The Neverending Story lives up to its title in the worst way possible with this third outing, a charmless, desperate reworking of the franchise that might just as well be subtitled Bastian Goes to High School. Clearly aimed at a generation of moppets with one finger on the fast-forward button, lame effort throws over the magical charm of the 1984 original and darker fantasy of the 1990 sequel for a semi-hip yarn patched together by a marketing committee.
Central character, Bastian (Jason James Richter), is now on the edge of puberty and moved home with his father. Dad’s new wife Jane (Tracey Ellis) is an eager-to-please happy homemaker with a sharp-tongued pubescent daughter, Nicole (Melody Kay). At school, Bastian is bullied by a bunch of senior punks called the Nasties.
Bastian takes refuge in the school library, coincidentally run by Mr Coreander (Freddie Jones, taking over Thomas Hill’s roll in the first two pix), the antiquarian bookseller. Bastian wishes himself back into the dream world of Fantasia, courtesy of Jim Henson’s Creature Shop. But when the Nasties get a hold of the tome and start filling it with their own warped imagination, Fantasia starts to crumble. Fantasia’s child empress (now blossomed into the shapely Julie Cox) begs him to get the book back from the bad guys.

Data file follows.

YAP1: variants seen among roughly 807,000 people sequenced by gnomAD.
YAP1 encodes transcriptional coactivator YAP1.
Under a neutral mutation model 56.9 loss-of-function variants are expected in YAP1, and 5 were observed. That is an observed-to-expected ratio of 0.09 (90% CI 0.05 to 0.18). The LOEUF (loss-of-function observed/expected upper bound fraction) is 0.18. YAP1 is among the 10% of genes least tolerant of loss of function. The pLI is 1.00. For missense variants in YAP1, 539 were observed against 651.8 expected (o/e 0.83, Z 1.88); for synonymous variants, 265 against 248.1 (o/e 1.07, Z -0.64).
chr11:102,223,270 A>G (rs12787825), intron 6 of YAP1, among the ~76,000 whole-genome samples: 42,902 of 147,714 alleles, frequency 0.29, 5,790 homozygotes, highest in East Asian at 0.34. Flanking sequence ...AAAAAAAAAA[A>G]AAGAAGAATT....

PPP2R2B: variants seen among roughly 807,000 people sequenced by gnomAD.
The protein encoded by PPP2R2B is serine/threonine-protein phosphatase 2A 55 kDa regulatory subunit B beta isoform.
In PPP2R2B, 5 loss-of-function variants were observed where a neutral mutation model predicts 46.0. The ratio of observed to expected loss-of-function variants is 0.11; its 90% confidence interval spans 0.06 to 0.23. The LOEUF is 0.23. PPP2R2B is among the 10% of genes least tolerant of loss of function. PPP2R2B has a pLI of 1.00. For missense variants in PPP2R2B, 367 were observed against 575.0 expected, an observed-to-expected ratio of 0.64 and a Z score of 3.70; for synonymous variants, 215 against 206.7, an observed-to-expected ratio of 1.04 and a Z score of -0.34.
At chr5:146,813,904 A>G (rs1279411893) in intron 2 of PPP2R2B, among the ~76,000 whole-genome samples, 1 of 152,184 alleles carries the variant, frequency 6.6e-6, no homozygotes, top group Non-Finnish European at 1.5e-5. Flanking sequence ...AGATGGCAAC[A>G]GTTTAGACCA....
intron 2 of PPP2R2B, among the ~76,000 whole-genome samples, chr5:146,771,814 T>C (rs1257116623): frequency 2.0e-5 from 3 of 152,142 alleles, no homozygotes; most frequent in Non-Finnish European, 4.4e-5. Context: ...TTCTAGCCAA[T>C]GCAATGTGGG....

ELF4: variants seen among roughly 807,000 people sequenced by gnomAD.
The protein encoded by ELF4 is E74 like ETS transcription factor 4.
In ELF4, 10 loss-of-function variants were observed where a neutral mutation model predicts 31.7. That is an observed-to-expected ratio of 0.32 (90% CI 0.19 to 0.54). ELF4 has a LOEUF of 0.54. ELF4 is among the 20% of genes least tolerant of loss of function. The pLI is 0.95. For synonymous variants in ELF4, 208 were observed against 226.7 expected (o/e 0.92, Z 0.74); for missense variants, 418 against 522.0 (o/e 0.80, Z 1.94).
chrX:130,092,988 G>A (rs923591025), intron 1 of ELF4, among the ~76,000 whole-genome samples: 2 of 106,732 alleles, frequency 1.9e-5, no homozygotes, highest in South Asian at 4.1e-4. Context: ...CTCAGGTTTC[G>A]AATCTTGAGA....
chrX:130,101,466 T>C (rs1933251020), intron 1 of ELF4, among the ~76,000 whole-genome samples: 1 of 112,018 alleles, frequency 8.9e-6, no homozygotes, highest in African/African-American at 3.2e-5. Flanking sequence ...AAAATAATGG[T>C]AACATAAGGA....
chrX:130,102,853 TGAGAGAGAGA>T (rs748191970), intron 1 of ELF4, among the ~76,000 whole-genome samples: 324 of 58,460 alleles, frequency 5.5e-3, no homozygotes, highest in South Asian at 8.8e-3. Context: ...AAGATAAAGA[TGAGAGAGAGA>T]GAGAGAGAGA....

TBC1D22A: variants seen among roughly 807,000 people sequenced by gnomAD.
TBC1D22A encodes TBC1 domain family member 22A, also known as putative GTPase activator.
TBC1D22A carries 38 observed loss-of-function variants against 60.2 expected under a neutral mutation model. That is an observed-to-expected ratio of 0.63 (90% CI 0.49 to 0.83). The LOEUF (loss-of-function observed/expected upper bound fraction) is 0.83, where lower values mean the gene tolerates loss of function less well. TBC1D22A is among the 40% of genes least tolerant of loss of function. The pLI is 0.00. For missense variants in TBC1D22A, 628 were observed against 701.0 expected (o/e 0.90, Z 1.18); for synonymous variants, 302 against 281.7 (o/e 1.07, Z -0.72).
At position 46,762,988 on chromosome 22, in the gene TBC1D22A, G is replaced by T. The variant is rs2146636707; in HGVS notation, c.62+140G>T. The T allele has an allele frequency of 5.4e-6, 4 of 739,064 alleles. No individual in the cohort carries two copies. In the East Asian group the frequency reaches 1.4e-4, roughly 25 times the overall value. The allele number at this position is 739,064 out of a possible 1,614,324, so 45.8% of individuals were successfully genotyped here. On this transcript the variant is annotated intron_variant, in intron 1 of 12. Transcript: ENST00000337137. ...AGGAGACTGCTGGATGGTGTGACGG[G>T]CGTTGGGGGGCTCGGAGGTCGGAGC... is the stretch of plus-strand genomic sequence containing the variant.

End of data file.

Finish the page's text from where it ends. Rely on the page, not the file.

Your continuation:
Showing every sign of lack of confidence in its original premise, this latest installment [from a screen story by Karin Howard] tries to have it all ways, thoroughly Americanizing the modern setting, stirring in a heap of hip, high school dialogue, and relegating the Fantasia sequences to little more than a collection of cuddly toys pitched somewhere between The Wizard of Oz and Return of the Jed i.
Helmer Peter Macdonald (Rambo III) does a pro job, and effects (supervised by Brit veteran Derek Meddings) are generally good, on a par with the earlier entries though not this time in widescreen.